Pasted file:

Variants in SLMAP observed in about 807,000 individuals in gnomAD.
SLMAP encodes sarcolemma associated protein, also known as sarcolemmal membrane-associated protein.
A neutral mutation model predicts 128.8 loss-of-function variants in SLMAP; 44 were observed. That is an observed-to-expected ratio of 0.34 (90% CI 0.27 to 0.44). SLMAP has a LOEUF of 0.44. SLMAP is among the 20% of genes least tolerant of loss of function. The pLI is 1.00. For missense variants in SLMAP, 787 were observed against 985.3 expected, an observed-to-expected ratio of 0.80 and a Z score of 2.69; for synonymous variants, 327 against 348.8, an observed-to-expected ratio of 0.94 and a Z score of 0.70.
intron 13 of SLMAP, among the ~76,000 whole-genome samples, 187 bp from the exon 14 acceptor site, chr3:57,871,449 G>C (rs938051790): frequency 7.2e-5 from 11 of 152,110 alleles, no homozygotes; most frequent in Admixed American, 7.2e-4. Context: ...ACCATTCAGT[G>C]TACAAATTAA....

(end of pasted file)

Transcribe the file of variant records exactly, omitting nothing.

Variants in SLMAP observed in about 807,000 individuals in gnomAD.
SLMAP encodes sarcolemma associated protein, also known as sarcolemmal membrane-associated protein.
A neutral mutation model predicts 128.8 loss-of-function variants in SLMAP; 44 were observed. That is an observed-to-expected ratio of 0.34 (90% CI 0.27 to 0.44). SLMAP has a LOEUF of 0.44. SLMAP is among the 20% of genes least tolerant of loss of function. The pLI is 1.00. For missense variants in SLMAP, 787 were observed against 985.3 expected, an observed-to-expected ratio of 0.80 and a Z score of 2.69; for synonymous variants, 327 against 348.8, an observed-to-expected ratio of 0.94 and a Z score of 0.70.
intron 13 of SLMAP, among the ~76,000 whole-genome samples, 187 bp from the exon 14 acceptor site, chr3:57,871,449 G>C (rs938051790): frequency 7.2e-5 from 11 of 152,110 alleles, no homozygotes; most frequent in Admixed American, 7.2e-4. Context: ...ACCATTCAGT[G>C]TACAAATTAA....